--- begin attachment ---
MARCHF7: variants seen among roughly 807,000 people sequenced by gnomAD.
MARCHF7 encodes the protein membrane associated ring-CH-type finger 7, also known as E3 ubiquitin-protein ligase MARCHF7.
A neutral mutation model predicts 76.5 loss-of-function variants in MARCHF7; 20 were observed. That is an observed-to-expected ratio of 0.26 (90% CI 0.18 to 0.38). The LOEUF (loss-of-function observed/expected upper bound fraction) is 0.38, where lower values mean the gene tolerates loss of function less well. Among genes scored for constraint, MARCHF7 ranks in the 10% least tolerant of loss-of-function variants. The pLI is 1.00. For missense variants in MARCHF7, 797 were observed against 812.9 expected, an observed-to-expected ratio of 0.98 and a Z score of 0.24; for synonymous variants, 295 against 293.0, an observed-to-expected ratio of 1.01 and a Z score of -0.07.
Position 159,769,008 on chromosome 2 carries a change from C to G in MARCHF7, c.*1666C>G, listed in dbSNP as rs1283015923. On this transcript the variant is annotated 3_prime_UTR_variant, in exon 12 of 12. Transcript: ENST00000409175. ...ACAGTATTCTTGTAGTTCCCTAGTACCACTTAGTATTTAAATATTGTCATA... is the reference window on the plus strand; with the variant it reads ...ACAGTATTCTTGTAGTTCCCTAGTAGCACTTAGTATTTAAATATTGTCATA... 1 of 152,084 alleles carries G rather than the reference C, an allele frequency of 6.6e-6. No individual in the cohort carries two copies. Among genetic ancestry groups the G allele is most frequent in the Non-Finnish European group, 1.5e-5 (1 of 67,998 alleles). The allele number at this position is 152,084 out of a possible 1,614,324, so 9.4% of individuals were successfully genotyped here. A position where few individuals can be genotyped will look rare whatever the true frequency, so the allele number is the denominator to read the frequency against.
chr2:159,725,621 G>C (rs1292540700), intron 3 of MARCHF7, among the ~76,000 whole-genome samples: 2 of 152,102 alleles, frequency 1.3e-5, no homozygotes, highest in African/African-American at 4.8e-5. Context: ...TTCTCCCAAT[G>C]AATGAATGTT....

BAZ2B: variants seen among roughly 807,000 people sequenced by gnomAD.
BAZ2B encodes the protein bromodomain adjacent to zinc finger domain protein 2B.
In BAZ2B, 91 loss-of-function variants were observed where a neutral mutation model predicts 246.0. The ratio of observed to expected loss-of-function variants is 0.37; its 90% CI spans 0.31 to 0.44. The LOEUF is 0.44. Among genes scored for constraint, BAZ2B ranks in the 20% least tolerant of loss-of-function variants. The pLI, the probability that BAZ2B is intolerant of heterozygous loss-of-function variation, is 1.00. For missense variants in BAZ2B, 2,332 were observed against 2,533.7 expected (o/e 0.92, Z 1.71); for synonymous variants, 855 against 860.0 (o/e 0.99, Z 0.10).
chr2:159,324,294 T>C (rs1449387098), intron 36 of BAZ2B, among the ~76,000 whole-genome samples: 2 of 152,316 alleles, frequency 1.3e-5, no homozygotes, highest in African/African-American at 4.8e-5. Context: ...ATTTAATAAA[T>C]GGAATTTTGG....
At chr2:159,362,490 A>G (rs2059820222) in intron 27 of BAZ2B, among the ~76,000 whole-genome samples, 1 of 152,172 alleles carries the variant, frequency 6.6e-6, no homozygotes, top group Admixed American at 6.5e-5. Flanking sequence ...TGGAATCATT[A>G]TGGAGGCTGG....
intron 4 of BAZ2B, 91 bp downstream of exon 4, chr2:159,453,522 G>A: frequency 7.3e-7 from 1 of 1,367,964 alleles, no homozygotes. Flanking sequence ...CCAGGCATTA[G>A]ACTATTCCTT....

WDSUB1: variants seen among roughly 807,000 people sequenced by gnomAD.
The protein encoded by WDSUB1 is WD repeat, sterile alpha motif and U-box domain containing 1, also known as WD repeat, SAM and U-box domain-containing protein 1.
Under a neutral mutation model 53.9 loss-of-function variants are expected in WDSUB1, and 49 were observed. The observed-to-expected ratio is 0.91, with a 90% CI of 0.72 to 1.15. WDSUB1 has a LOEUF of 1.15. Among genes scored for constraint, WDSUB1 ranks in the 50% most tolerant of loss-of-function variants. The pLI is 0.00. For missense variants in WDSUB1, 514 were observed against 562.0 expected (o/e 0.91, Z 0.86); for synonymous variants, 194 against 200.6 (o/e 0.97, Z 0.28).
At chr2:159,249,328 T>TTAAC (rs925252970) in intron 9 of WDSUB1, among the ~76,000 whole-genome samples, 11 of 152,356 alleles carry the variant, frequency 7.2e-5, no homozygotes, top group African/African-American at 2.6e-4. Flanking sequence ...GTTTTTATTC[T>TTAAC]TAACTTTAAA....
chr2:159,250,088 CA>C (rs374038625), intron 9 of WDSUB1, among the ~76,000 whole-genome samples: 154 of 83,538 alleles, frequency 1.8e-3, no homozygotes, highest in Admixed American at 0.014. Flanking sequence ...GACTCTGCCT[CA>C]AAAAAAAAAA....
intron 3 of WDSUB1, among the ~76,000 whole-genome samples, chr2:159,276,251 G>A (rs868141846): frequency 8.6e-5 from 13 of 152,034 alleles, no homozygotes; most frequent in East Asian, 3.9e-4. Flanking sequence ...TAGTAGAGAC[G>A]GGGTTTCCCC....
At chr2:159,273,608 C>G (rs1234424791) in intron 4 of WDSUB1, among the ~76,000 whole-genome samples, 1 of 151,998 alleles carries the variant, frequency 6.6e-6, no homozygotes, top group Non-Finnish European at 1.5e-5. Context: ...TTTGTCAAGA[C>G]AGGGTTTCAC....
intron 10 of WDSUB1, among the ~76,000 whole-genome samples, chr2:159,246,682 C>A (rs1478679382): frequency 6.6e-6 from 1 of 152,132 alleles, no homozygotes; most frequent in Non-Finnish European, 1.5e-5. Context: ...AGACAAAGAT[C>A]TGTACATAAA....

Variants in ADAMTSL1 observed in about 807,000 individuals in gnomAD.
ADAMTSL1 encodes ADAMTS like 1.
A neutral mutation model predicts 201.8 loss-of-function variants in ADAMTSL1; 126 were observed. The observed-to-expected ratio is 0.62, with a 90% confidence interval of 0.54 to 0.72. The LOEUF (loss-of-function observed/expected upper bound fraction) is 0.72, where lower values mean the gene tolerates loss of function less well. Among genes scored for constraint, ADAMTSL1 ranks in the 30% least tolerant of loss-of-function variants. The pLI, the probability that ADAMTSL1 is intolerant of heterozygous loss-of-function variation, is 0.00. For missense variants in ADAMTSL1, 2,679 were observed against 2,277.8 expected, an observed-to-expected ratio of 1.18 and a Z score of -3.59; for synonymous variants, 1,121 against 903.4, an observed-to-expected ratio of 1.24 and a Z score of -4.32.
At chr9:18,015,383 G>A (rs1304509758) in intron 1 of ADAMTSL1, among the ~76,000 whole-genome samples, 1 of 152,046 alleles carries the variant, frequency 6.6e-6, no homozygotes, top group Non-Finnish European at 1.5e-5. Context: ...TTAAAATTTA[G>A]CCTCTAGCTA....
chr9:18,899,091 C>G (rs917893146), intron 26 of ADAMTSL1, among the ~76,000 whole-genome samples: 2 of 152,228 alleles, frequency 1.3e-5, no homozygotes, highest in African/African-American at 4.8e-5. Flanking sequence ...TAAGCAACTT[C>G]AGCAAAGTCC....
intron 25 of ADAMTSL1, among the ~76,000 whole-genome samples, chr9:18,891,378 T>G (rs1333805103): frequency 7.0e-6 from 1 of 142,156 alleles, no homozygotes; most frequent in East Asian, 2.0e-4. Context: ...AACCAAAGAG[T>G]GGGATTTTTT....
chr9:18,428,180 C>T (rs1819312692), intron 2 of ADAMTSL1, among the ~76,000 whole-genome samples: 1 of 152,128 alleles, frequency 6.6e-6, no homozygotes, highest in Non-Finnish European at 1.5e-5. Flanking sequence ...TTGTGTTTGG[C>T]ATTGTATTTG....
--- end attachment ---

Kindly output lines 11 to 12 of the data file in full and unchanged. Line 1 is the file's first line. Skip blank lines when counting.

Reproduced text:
intron 4 of BAZ2B, 91 bp downstream of exon 4, chr2:159,453,522 G>A: frequency 7.3e-7 from 1 of 1,367,964 alleles, no homozygotes. Flanking sequence ...CCAGGCATTA[G>A]ACTATTCCTT....

WDSUB1: variants seen among roughly 807,000 people sequenced by gnomAD.